5 Living Books About People Who Contributed to Progress
Your children will be inspired by the ideas in these books:
Gregor Mendel: The Friar Who Grew Peas by Cheryl Bardoe
From Bookdepository: Gregor Mendel explains to children the theory of heredity in simple-to-understand language and examples. Regarded as the world's first geneticist, Gregor Mendel discovered one of the fundamental aspects of genetic science: animals, plants, and people all inherit and pass down traits through the same process. Living the slow-paced, contemplative life of a friar, Gregor Mendel was able to conceive and put into practice his great experiment-observing yellow peas, green peas, smooth peas, and wrinkled peas to craft his theory-years before scientists had any notion of genes.
Wright Brothers: Pioneers of American Aviation Paperback by Quentin Reynolds
From Amazon: Young Orville and Wilbur Wright loved building things. From the fastest sled in town to the highest-flying kite, the Wright brothers creations were always a step ahead of everyone else s. They grew up learning all about mechanics from fixing bicycles and studied math and physics. On December 17, 1903, Orville took off in the world s first flying machine!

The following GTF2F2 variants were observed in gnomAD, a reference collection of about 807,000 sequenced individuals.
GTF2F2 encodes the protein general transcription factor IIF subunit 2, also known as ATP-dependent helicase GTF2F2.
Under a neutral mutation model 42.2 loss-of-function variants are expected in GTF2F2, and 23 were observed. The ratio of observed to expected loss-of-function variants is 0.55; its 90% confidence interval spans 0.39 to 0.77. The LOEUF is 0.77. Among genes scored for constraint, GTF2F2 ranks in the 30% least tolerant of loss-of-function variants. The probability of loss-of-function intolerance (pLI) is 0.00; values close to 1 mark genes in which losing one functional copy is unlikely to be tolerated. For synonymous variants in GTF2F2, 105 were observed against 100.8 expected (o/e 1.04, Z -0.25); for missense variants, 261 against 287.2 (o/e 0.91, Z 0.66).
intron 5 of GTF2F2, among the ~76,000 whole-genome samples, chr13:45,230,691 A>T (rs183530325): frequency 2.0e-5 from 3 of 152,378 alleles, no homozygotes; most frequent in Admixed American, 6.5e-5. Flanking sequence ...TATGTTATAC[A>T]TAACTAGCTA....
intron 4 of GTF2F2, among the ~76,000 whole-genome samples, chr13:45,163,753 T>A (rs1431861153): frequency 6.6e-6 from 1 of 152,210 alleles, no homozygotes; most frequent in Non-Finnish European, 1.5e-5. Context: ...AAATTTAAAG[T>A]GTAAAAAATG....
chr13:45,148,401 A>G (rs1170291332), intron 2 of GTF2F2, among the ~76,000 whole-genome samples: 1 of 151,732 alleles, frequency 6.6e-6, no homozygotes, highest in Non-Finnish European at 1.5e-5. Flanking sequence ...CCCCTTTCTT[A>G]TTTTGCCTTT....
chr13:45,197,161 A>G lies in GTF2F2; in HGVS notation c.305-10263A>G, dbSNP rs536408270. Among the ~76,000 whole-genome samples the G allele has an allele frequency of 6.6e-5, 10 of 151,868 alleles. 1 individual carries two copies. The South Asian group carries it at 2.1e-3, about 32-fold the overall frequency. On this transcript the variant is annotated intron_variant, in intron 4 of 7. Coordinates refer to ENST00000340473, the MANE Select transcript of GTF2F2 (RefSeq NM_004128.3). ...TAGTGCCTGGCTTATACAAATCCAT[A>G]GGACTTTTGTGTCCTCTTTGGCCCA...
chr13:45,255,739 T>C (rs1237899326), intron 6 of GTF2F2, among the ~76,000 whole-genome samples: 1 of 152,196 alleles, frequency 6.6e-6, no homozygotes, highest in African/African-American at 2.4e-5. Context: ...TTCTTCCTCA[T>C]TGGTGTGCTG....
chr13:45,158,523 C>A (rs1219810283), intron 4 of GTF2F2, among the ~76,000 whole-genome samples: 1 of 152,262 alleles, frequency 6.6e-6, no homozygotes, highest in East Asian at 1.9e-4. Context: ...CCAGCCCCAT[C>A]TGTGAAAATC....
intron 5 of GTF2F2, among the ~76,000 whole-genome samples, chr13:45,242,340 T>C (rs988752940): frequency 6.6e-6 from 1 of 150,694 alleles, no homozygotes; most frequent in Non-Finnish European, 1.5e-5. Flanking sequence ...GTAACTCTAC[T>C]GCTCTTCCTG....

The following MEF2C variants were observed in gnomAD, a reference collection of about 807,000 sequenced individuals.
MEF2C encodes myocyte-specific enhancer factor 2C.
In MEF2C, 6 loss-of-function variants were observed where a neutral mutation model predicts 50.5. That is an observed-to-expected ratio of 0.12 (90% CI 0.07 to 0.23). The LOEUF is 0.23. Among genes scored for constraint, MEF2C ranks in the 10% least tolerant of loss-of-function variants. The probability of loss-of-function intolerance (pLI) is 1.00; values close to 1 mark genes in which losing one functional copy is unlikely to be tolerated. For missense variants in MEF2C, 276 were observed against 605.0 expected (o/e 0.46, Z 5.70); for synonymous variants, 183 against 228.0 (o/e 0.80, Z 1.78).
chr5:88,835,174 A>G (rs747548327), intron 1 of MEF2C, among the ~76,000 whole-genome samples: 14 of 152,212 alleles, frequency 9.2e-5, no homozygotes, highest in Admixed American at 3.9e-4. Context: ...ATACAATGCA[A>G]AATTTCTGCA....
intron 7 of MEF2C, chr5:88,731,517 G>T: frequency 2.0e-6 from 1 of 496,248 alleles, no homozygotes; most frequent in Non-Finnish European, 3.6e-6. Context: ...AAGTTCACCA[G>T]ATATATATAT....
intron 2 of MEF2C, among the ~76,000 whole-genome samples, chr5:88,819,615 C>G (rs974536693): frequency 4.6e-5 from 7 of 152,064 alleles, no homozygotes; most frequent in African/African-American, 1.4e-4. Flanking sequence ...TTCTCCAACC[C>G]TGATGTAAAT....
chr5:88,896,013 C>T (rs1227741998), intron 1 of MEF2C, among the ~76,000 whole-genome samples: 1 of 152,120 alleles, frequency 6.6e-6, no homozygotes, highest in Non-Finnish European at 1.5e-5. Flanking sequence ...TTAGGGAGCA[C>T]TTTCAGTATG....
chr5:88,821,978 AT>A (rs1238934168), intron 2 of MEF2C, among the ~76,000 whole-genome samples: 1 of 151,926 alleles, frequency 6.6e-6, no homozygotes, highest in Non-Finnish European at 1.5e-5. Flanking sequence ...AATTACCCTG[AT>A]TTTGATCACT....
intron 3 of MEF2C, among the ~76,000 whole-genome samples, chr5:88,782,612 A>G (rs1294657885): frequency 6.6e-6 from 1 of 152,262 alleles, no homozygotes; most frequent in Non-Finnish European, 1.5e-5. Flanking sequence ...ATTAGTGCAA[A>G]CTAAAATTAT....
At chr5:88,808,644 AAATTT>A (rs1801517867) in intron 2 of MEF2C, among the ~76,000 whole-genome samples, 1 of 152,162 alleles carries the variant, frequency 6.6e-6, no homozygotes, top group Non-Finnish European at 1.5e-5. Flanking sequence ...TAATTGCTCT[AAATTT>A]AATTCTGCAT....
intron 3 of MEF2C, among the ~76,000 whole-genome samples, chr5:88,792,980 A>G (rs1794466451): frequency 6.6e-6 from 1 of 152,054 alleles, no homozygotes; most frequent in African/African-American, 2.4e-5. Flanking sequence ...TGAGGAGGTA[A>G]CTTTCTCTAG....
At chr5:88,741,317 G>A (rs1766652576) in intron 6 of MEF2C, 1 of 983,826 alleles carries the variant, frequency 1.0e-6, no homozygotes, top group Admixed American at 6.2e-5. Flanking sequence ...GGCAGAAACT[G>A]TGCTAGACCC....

Helen Keller's Teacher by Margaret Davidson
From Goodreads: The true story of the dedicated woman, Anne Sullivan Macy (April 14, 1866 – October 20, 1936), originally from Tewksbury, Massachusetts, who became Helen Keller's inspirational teacher and lifelong friend.
She Lived for Science: Irène Joliot-Curie by Robin McKown
From Google Books: Story of Irene Joliot-Curie and her contribution to science, her marriage to Frederic Joliot, and their work together to discover artificial radioactivity.
Albert Einstein and the theory of relativity by Robert Cwiklik
From Amazon: Einstein's astonishing theory of relativity transformed every aspect of physics-from the study of atoms to the study of stars. Relativity is described here in simple, accurate language that young readers can comprehend.